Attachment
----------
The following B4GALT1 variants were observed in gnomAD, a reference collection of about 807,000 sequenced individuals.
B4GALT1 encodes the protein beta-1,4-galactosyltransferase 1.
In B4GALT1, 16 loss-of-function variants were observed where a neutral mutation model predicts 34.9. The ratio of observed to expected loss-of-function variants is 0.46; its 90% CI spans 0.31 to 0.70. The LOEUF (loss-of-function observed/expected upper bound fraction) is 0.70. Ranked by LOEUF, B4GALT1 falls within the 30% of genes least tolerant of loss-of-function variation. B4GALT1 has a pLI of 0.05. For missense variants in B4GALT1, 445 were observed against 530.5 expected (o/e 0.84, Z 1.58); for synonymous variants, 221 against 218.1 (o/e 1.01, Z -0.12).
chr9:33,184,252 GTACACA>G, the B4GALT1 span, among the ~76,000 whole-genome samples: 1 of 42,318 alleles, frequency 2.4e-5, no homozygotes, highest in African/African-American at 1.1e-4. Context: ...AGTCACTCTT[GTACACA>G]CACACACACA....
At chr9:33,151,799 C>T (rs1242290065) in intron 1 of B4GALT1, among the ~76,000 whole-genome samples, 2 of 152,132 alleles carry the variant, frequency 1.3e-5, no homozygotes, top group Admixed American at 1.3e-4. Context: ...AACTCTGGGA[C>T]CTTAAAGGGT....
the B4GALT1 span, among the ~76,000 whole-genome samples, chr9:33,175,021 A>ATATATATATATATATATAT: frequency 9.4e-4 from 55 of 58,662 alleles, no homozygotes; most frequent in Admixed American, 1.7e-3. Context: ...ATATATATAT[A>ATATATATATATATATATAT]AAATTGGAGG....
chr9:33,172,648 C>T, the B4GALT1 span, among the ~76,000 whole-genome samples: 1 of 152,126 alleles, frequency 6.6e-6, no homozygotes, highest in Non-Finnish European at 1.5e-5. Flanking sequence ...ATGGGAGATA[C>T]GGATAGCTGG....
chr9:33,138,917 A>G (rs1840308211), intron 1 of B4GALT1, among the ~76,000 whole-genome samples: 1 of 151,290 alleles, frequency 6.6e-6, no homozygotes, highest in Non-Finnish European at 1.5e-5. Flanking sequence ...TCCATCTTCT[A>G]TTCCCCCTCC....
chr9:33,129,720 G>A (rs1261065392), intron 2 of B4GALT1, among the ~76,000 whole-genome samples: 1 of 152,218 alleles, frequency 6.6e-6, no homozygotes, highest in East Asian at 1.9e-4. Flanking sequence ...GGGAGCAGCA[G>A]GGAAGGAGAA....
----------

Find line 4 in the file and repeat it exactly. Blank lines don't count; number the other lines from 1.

chr9:33,184,252 GTACACA>G, the B4GALT1 span, among the ~76,000 whole-genome samples: 1 of 42,318 alleles, frequency 2.4e-5, no homozygotes, highest in African/African-American at 1.1e-4. Context: ...AGTCACTCTT[GTACACA>G]CACACACACA....